Breasts, Apes and Bare Cheeks

Oh breastfeeding.
The never ending topic of debate, passion, heartache and judgement.
The gift that all women bear, but unfortunately not all women can always easily do.
The most amazing thing in the world for a mother, a mammal like all mammals, to be able to nourish her child; and yet the most heartbreaking thing when a mother feels like she failed her child.

All mammals nurse their offspring.
Yet for some reason, humans receive the most crap about it.
Mammary comes from the Latin word, "mammae."
Mammae referring to the sound a baby makes when looking for their mother's breast.

The most amazing and intricate part of a woman's body.
A hidden little factory that makes enough milk to feed a village.
Women only have breasts for one, God given reason.
And if you don't believe in God and believe we evolved from apes, then it still doesn't change the purpose of a boob.

How do we think Jesus ate?
I highly doubt Mary hid him under a cover to feed him or stood in a bathroom stall to nurse him.
He's proud of the fact that I'm breastfeeding, and he's proud of the efforts of those who tried.
He's proud of the fact that I'm not hiding.

Why should we hide the most natural thing in the world?
You don't hide to feed a baby a bottle, so why should I hide to feed my baby with the tools God intended?
Why do you find it rewarding to tell me to hide?
Don't you know that YOU can control what you see?

No one asked you to look.
I didn't pop my tit out for your satisfaction.
But seeing is believing.
And you better believe that, yes, my child is suckling from my breast as we speak.

Why do you believe that I'm doing something wrong?
Why can't you just believe that I'm doing what is best for my child?
Believe in something that is ancient and natural; something that so many others work hard at and cry endlessly for hours when they feel as if they've failed.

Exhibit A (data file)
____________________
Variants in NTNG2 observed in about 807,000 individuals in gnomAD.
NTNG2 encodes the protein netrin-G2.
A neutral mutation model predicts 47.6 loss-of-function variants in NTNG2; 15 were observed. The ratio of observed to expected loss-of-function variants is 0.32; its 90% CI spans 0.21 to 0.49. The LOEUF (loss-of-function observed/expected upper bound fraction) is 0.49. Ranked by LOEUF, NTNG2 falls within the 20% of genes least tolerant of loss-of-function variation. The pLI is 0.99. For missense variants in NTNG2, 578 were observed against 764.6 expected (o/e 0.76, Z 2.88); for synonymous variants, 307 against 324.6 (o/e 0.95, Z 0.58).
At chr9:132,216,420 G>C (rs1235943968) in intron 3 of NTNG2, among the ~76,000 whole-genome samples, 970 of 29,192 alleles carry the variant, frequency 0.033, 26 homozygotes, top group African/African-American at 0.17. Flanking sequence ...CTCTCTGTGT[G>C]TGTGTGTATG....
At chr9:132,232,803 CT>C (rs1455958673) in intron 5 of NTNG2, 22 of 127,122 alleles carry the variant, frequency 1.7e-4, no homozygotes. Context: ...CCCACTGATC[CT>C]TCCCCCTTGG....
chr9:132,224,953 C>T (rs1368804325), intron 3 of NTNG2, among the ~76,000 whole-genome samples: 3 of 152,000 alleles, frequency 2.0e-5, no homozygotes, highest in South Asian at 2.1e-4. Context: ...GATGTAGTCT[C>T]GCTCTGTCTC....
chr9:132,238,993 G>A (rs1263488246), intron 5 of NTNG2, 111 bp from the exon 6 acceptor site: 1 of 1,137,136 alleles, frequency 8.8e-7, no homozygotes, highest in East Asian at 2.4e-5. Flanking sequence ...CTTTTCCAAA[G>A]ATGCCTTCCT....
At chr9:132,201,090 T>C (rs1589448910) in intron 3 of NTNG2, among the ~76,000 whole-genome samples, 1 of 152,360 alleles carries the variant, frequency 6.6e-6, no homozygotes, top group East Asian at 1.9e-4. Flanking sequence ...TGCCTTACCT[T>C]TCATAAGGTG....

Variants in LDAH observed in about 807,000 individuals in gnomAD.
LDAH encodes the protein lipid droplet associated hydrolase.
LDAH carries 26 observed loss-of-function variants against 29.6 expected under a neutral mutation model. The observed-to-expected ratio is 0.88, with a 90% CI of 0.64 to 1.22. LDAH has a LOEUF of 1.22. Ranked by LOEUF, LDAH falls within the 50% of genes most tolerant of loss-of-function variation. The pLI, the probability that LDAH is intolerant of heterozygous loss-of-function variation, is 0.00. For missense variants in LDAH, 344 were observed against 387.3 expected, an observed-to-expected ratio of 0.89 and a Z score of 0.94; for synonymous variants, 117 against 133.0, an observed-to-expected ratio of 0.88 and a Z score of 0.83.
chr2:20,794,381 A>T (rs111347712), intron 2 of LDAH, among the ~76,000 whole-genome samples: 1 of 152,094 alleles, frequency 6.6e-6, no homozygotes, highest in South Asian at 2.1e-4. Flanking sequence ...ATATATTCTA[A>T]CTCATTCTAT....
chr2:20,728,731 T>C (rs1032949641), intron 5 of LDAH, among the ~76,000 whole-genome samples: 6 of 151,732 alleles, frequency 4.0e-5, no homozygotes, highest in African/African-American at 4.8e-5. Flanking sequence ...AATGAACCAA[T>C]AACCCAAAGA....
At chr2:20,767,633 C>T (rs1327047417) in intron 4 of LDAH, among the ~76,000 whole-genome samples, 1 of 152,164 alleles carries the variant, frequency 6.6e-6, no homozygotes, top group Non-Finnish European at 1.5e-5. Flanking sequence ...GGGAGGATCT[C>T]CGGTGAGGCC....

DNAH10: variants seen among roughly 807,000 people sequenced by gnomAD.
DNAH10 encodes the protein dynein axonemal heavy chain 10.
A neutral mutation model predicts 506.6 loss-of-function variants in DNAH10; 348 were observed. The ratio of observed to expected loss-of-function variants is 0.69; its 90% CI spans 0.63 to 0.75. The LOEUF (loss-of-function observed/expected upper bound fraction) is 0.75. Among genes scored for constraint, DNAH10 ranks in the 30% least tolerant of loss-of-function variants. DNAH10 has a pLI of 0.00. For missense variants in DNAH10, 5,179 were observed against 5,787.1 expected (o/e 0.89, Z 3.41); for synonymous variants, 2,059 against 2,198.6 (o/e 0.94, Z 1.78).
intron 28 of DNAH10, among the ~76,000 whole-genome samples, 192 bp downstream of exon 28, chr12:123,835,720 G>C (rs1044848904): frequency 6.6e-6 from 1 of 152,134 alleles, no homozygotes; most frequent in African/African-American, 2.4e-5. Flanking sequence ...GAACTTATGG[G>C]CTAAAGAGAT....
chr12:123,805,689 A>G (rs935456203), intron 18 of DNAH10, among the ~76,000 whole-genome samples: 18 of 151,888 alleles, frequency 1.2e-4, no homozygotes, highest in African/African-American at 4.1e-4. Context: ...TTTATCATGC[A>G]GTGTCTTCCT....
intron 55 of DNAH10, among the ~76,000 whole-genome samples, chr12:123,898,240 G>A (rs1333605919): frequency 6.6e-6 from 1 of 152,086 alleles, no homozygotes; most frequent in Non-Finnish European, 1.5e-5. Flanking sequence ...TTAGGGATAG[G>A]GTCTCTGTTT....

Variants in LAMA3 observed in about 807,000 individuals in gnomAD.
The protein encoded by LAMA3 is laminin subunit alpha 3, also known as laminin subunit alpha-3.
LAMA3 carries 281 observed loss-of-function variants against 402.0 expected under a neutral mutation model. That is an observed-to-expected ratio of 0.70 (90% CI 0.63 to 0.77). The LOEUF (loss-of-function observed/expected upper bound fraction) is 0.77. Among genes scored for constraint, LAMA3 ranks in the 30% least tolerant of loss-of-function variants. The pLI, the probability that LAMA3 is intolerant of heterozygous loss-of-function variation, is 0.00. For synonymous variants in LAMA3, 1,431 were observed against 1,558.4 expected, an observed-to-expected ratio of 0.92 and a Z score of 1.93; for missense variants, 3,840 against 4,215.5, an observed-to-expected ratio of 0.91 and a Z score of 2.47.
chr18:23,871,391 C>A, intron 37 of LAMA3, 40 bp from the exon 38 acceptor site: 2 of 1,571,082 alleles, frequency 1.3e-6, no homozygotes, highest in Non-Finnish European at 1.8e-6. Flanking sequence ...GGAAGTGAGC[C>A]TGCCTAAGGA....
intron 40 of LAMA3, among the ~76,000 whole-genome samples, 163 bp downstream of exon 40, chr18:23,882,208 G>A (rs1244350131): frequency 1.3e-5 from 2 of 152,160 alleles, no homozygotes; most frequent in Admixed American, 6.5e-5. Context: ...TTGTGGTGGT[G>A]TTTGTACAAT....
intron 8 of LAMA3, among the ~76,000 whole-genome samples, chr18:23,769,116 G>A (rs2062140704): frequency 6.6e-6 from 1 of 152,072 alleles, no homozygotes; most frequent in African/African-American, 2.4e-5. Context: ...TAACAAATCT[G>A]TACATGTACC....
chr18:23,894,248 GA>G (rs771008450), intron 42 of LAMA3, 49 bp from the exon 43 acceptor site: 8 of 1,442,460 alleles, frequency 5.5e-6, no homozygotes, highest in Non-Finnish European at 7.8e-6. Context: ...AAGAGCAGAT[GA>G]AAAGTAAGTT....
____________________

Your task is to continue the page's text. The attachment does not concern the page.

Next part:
Believe me when I say that your mean words hurt.

Breastfeeding can sometimes hurt physically and emotionally.
I've had cracked nipples that have bled and breasts swollen painfully hard.
The sheer exhaustion that I've faced to get to where I am as a nursing mother took hard work.
My heart hurts when I think about ending our breastfeeding journey, something you know nothing about.

Breastfeeding isn't rocket science, but isn't also not the easiest thing in the world.
I've pumped at work countless times a day inside of a cold, dark storage closet.
Why can't you accept this extra "work" that I am doing and tell me "good job mama?"
Instead you tell me that a sign that reads "Pumping In Progress" is offensive to my co workers.

I never meant to offend you.
Actually, I never even thought about you, I just thought about the life that is thriving 
and living off of the milk that I am providing.
I'm sorry that you think I am offensive and distasteful.
But if you thought that my breast was offensive, then I can't wait to see how you feel
 about my bare cheeks as I bend over for you to kiss them.

Inspired by learning (like an hour ago) that many places of work find it offensive to place a sign on the door that says, "Woman Pumping In Progress" or anything along those lines. Why must we continue to hide to feed our child in the most natural way possible? How can we ever normalize breastfeeding if we can't even say that we're "pumping?"  I do not work, as I am a stay at home mother, but for everyone who deals with the bull crap at their work when it involves pumping, my heart aches for you. 

This was written for every person who has ever felt like they were being judged for breastfeeding in public, judged for pumping at work and judged for even nursing their child to begin with. One day, ONE day, public breastfeeding and pumping at work will be much more accepted. 

At least we can hope. 

Now, that was my rant for the day. 

Happy Weekend! Sasha
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